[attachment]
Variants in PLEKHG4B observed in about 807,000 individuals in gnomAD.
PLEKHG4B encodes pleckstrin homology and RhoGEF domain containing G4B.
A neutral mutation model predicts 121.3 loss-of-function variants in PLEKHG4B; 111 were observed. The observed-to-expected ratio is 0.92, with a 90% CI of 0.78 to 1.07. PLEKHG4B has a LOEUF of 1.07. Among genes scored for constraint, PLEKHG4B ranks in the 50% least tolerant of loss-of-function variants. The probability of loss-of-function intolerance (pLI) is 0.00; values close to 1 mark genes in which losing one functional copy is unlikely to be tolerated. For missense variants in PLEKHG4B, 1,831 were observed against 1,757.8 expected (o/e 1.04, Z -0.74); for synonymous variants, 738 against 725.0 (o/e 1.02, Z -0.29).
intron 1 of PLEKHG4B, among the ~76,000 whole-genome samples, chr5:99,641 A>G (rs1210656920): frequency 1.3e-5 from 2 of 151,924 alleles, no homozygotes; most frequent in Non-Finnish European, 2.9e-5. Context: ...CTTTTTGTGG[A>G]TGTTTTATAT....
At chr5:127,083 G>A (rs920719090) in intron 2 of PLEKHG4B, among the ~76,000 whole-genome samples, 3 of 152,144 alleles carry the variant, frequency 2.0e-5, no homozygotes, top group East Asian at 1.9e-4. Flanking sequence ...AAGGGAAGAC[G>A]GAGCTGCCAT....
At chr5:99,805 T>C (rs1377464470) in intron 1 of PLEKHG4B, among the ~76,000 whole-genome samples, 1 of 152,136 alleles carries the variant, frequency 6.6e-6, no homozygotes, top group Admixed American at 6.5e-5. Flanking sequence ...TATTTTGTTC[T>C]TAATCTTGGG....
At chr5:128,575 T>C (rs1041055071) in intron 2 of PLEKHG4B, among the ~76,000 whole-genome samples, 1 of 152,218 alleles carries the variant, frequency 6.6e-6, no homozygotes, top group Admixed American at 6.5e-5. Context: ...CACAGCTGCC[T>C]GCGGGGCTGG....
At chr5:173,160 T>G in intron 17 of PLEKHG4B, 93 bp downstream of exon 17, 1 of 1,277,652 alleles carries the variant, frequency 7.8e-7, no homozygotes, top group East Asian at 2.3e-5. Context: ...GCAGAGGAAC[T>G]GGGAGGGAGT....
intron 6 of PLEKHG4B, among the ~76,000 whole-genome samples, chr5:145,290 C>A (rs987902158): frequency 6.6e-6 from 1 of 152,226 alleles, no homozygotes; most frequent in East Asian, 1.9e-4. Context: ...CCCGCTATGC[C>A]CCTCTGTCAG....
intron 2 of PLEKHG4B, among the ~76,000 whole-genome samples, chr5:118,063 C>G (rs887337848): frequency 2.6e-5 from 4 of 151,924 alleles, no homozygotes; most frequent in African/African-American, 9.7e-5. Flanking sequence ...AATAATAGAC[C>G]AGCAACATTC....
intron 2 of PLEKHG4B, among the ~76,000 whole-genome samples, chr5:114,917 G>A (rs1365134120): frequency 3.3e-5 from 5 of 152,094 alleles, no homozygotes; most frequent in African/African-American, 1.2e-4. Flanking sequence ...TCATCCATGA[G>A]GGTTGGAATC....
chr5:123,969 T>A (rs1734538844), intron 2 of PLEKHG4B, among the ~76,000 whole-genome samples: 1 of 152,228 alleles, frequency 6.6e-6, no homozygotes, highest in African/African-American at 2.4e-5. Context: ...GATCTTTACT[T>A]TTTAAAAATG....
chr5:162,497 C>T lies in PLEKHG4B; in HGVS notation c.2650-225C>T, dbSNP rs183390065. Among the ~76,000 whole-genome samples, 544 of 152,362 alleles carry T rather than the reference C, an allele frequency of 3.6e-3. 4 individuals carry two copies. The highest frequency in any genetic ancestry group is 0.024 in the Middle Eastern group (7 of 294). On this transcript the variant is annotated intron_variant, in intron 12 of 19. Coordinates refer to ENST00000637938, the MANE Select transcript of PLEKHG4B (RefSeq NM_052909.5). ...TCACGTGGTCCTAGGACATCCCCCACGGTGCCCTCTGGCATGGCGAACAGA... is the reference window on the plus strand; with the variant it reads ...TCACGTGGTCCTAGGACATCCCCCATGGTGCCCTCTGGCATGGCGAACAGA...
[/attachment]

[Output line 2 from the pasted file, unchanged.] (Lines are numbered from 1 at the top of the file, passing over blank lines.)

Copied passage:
PLEKHG4B encodes pleckstrin homology and RhoGEF domain containing G4B.